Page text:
I look forward to the day when opera directors will finally get over the idea that dingy modern-industrial spaces lend a special new relevance to “stuffy old” operas. This time Isolde has more than usual reason to sulk and fume in Act 1, having been confined to a prison-like berth somewhere in the hold of a hulking freighter. It does convey well enough a sense of her helpless, indeed immobilized condition as a captive on the ship that bears her to Cornwall, and the glimpses of the ocean surface occasionally projected above and behind this space offer an appropriate foil. At the moment Tristan and Isolde imbibe the love/death potion several blackbirds are seen, in silhouetted profile, winging their way over the waves. Not only a welcome contrast to the dismal, static quality of most of the act, it is also a nicely poetic touch, suggesting the freedom both characters believe to have won in death, and at the same time the baleful quality of the love that has suddenly been released.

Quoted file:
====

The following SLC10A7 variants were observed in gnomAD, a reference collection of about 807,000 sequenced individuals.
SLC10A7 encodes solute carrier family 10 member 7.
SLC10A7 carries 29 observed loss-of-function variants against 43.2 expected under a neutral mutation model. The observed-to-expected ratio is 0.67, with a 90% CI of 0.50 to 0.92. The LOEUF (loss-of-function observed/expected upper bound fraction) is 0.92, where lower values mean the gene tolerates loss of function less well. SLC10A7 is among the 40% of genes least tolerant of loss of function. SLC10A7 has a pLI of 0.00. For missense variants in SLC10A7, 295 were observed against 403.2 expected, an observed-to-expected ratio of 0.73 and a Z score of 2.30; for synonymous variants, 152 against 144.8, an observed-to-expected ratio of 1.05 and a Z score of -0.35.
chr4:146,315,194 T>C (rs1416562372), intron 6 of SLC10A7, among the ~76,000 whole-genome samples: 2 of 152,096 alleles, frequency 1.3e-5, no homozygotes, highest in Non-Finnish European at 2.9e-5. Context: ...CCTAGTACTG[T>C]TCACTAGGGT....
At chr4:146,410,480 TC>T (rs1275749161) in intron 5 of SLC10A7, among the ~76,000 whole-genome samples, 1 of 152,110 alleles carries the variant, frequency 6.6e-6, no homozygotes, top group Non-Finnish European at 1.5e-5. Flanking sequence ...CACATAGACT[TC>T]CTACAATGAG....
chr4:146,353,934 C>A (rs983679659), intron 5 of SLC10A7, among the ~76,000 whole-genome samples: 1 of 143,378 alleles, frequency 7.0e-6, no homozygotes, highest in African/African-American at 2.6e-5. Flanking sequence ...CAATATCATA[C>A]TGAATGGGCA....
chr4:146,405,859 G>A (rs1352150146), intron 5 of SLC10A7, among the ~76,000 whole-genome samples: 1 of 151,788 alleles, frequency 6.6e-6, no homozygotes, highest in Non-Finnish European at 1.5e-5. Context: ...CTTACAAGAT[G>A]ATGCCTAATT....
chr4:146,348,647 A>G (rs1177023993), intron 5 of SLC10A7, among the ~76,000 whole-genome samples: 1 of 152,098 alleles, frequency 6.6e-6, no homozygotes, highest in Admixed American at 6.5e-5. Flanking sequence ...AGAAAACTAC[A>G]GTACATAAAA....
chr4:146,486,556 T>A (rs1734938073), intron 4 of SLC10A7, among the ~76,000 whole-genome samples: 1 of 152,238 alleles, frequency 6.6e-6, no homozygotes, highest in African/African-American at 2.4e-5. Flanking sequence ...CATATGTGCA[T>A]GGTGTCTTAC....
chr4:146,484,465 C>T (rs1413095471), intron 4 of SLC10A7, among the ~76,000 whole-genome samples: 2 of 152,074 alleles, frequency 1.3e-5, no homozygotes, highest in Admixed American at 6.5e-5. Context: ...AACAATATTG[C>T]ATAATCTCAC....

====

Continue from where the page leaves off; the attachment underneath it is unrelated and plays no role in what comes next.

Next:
Such freedom is exchanged for a peculiar enclosure (contrary to Wagner’s notion of a deep, enveloping night) in Act 2. Isolde awaits Tristan inside a dark, deconstructed shed of some sort, looking through a door to the outside. A large steel ladder leads up to Brangäne’s lookout, and at the front of the stage there sits (vaguely Walküre-like) an overturned tree with burning branches and a large rectangular slab of sod, or Astroturf. The fallen tree (shades also of the Ring’s “world ash-tree”?) with its several gas-jets, in place of the signal-torch, is merely a distraction throughout the opening scene. (Why is it there? Why is it sideways? How do the branches burn if the tree is otherwise living? How will Isolde put out the fires? – Quite effortlessly, in the event.) Part way through the lyric apotheosis of “Sink hernieder, Nacht der Liebe” the upper reaches of this dark room do yield to a starry night sky –– indeed rather like the effect of Hunding’s hut opening up to the spring night for the love-duet of Siegmund and Sieglinde –– and the front stage lights dim to a silvery blue. One wishes that lighting designer Jean Kalman had made better use of the opportunities for dramatic and symbolic lighting effects in Tristan, one of the few areas in which it is theatrically generous. Still, this central scene is the one of the most effectively realized episodes, as Tristan and Isolde lie blissfully suspended below the stars on their slice of Astroturf. Vocally it is a different matter, since Treleaven has some truly awful moments (pretty much any time he sustains a note in the top fifth of his range). As if truly remorseful, he partially redeems himself in the following scene when expressing his sorrow to King Marke in some phrases of genuinely beautiful pianissimo, full of melancholy pathos and delicacy (for example, at “das kannst du nie erfahren”).